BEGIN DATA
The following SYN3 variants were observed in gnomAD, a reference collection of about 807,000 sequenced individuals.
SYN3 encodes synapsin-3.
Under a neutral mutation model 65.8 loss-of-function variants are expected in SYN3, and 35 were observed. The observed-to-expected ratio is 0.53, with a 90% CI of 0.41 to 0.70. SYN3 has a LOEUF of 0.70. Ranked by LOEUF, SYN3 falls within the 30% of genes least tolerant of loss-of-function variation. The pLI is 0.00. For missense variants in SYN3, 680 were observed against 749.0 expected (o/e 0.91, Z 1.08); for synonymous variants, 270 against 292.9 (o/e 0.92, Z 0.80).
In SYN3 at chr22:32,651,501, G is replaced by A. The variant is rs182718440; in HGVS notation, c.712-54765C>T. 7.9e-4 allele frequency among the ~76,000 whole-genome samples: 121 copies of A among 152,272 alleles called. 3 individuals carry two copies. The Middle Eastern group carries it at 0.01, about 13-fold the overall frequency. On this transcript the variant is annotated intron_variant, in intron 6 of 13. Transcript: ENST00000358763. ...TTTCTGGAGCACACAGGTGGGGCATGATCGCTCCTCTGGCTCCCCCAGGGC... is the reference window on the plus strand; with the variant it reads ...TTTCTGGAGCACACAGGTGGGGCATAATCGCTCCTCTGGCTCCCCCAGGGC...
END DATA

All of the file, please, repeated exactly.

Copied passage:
The following SYN3 variants were observed in gnomAD, a reference collection of about 807,000 sequenced individuals.
SYN3 encodes synapsin-3.
Under a neutral mutation model 65.8 loss-of-function variants are expected in SYN3, and 35 were observed. The observed-to-expected ratio is 0.53, with a 90% CI of 0.41 to 0.70. SYN3 has a LOEUF of 0.70. Ranked by LOEUF, SYN3 falls within the 30% of genes least tolerant of loss-of-function variation. The pLI is 0.00. For missense variants in SYN3, 680 were observed against 749.0 expected (o/e 0.91, Z 1.08); for synonymous variants, 270 against 292.9 (o/e 0.92, Z 0.80).
In SYN3 at chr22:32,651,501, G is replaced by A. The variant is rs182718440; in HGVS notation, c.712-54765C>T. 7.9e-4 allele frequency among the ~76,000 whole-genome samples: 121 copies of A among 152,272 alleles called. 3 individuals carry two copies. The Middle Eastern group carries it at 0.01, about 13-fold the overall frequency. On this transcript the variant is annotated intron_variant, in intron 6 of 13. Transcript: ENST00000358763. ...TTTCTGGAGCACACAGGTGGGGCATGATCGCTCCTCTGGCTCCCCCAGGGC... is the reference window on the plus strand; with the variant it reads ...TTTCTGGAGCACACAGGTGGGGCATAATCGCTCCTCTGGCTCCCCCAGGGC...